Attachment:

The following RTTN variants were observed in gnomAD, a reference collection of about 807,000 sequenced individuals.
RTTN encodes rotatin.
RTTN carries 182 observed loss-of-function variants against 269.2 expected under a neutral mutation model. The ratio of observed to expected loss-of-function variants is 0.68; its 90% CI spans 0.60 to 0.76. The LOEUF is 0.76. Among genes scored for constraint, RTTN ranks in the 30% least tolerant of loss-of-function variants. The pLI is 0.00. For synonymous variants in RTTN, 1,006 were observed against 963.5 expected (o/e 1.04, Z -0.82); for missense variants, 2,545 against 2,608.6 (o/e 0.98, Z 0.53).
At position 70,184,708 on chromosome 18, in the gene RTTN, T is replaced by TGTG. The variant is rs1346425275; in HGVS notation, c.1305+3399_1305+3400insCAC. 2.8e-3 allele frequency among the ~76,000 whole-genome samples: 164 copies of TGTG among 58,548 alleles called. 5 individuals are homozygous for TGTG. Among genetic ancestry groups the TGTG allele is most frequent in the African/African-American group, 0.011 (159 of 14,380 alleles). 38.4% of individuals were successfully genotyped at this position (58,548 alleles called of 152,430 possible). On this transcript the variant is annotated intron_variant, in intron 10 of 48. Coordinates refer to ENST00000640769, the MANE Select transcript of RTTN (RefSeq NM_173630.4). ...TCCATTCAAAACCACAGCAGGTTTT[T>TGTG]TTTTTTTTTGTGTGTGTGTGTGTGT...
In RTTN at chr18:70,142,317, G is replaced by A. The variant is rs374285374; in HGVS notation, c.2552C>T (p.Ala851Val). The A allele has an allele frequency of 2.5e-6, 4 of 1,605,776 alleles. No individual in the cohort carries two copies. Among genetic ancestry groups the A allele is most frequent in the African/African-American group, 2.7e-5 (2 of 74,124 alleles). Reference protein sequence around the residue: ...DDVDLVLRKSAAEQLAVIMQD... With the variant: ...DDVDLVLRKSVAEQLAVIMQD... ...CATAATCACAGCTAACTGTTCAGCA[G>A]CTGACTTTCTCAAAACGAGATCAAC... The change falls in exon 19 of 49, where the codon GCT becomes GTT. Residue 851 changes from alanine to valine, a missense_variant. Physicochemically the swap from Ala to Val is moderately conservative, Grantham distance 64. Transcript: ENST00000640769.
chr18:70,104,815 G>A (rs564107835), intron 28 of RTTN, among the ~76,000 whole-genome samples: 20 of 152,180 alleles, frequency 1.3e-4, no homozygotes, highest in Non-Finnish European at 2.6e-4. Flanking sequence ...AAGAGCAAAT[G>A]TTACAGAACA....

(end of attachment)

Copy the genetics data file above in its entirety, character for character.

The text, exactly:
The following RTTN variants were observed in gnomAD, a reference collection of about 807,000 sequenced individuals.
RTTN encodes rotatin.
RTTN carries 182 observed loss-of-function variants against 269.2 expected under a neutral mutation model. The ratio of observed to expected loss-of-function variants is 0.68; its 90% CI spans 0.60 to 0.76. The LOEUF is 0.76. Among genes scored for constraint, RTTN ranks in the 30% least tolerant of loss-of-function variants. The pLI is 0.00. For synonymous variants in RTTN, 1,006 were observed against 963.5 expected (o/e 1.04, Z -0.82); for missense variants, 2,545 against 2,608.6 (o/e 0.98, Z 0.53).
At position 70,184,708 on chromosome 18, in the gene RTTN, T is replaced by TGTG. The variant is rs1346425275; in HGVS notation, c.1305+3399_1305+3400insCAC. 2.8e-3 allele frequency among the ~76,000 whole-genome samples: 164 copies of TGTG among 58,548 alleles called. 5 individuals are homozygous for TGTG. Among genetic ancestry groups the TGTG allele is most frequent in the African/African-American group, 0.011 (159 of 14,380 alleles). 38.4% of individuals were successfully genotyped at this position (58,548 alleles called of 152,430 possible). On this transcript the variant is annotated intron_variant, in intron 10 of 48. Coordinates refer to ENST00000640769, the MANE Select transcript of RTTN (RefSeq NM_173630.4). ...TCCATTCAAAACCACAGCAGGTTTT[T>TGTG]TTTTTTTTTGTGTGTGTGTGTGTGT...
In RTTN at chr18:70,142,317, G is replaced by A. The variant is rs374285374; in HGVS notation, c.2552C>T (p.Ala851Val). The A allele has an allele frequency of 2.5e-6, 4 of 1,605,776 alleles. No individual in the cohort carries two copies. Among genetic ancestry groups the A allele is most frequent in the African/African-American group, 2.7e-5 (2 of 74,124 alleles). Reference protein sequence around the residue: ...DDVDLVLRKSAAEQLAVIMQD... With the variant: ...DDVDLVLRKSVAEQLAVIMQD... ...CATAATCACAGCTAACTGTTCAGCA[G>A]CTGACTTTCTCAAAACGAGATCAAC... The change falls in exon 19 of 49, where the codon GCT becomes GTT. Residue 851 changes from alanine to valine, a missense_variant. Physicochemically the swap from Ala to Val is moderately conservative, Grantham distance 64. Transcript: ENST00000640769.
chr18:70,104,815 G>A (rs564107835), intron 28 of RTTN, among the ~76,000 whole-genome samples: 20 of 152,180 alleles, frequency 1.3e-4, no homozygotes, highest in Non-Finnish European at 2.6e-4. Flanking sequence ...AAGAGCAAAT[G>A]TTACAGAACA....